Dec. 6 (Bloomberg) -- Pfizer Inc. must pay $72.6 million in damages to three women who said they developed breast cancer after taking the company’s menopause drugs, a Philadelphia jury decided.
Jurors today in state court deliberated over two days before finding hormone-replacement drugs made by Pfizer’s Wyeth and Pharmacia Upjohn units were responsible for Susan Elfont, Bernadette Kalenkoski and Judy Mulderig developing cancer. The panel awarded Elfont $20 million in compensatory damages; Kalenkoski, $27.85 million; and Mulderig, $24.75 million.
“We are obviously disappointed with the verdict in this case,” Chris Loder, a Pfizer spokesman, said in a written statement. “Once the verdict is finalized, the company will weigh its legal options to determine how it will continue with the case.”
More than 6 million women took Prempro and related menopause drugs to treat symptoms such as hot flashes and mood swings before a 2002 study highlighted their links to cancer. Wyeth’s sales of the medicines, which are still on the market, topped $2 billion before the release of the Women’s Health Initiative, a National Institutes of Health-sponsored study.
Until 1995, many menopausal women combined Premarin, Wyeth’s estrogen-based drug, with progestin-laden Provera, made by Pfizer’s Upjohn unit, to relieve their symptoms. Wyeth combined the two hormones in its Prempro pill.
Pfizer’s Wyeth and Upjohn units have now lost 10 of the 18 Prempro cases decided by juries since trials began in 2006. The drugmaker got some of those verdicts thrown out after trial or had the awards reduced. It resolved some of the verdicts through settlements, while other decisions are on appeal. It also has had cases thrown out before trial.
Pfizer announced in May that it had settled a third of the pending Prempro cases and had set aside $772 million to help resolve the claims.
Elfont, 66, is a former teacher who once lived in Northeast Philadelphia, Tobi Millrood, a lawyer for the three women, said during the trial. She took Premarin and Provera for more than two years before being diagnosed with breast cancer in 1997, Millrood said.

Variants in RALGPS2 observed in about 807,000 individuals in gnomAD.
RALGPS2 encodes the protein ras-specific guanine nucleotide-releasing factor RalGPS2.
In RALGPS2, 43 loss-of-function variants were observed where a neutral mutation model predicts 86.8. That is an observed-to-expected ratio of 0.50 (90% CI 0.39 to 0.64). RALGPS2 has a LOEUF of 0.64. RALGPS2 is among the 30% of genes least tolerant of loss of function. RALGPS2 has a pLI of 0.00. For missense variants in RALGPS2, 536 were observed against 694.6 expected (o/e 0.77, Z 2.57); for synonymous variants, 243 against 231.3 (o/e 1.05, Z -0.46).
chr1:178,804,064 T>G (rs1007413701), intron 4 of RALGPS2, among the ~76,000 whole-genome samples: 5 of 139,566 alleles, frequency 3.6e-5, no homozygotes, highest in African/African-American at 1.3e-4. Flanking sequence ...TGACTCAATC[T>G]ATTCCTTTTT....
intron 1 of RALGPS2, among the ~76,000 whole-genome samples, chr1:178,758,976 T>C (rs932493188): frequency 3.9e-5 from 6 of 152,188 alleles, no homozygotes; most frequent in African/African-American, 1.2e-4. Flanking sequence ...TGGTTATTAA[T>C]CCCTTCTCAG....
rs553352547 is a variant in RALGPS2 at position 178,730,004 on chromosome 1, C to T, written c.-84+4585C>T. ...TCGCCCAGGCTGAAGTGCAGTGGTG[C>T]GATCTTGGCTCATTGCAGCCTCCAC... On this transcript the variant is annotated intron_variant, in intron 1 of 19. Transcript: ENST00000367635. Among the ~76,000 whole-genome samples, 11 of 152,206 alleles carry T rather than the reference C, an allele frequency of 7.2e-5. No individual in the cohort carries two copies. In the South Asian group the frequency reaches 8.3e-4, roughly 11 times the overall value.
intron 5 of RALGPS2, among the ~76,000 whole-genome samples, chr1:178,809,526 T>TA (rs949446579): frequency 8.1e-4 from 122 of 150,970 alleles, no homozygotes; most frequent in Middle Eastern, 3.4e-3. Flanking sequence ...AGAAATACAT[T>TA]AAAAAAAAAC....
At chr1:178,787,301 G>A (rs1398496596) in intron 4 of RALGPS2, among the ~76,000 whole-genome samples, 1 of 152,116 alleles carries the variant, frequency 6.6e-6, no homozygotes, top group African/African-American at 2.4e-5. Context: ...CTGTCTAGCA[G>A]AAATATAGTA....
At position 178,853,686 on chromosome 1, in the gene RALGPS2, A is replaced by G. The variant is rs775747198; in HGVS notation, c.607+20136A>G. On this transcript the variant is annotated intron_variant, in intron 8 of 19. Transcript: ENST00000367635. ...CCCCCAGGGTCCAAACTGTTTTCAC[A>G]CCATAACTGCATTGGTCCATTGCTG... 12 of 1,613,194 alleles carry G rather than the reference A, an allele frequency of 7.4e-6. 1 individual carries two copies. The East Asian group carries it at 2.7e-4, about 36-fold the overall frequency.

Kalenkoski, 68, is a former nursing home aide who took Prempro for more than four years and was diagnosed with cancer in 2002, Millrood said. Mulderig, 68, a retired teacher from Carlisle, Pennsylvania, took Premarin and Provera for 11 years starting in 1988, the lawyer added.
Millrood told jurors during the first phase of the two-week trial that none of the three women had a family history of breast cancer and experts concluded their use of menopause drugs led to the development of the disease.
Millrood declined today to comment on the verdict because jurors must further consider Wyeth’s liability for damages in the second phase of the case, slated to begin Dec. 9.
Diane Sullivan, one of the lawyers for the Pfizer units, said the evidence was unclear on how long the women had taken menopause drugs because of gaps in their pharmacy records. She said the women’s individual cases differed from those covered by the WHI study and plaintiffs shouldn’t be able to rely on that study to make their case.
“They are trying to make these women fit with the WHI study and they don’t fit,” Sullivan told the seven-man, five-woman jury in closing arguments.
The last Prempro verdict against the Pfizer units came a year ago in Puerto Rico, where a jury awarded $1.5 million in damages to a pharmacist who took the menopause drug. The company won the next two cases before today’s verdict.
The Philadelphia case is Elfont v. Wyeth Pharmaceuticals Inc., 00924, Jury Term 2004, Philadelphia Court of Common Pleas (Philadelphia).
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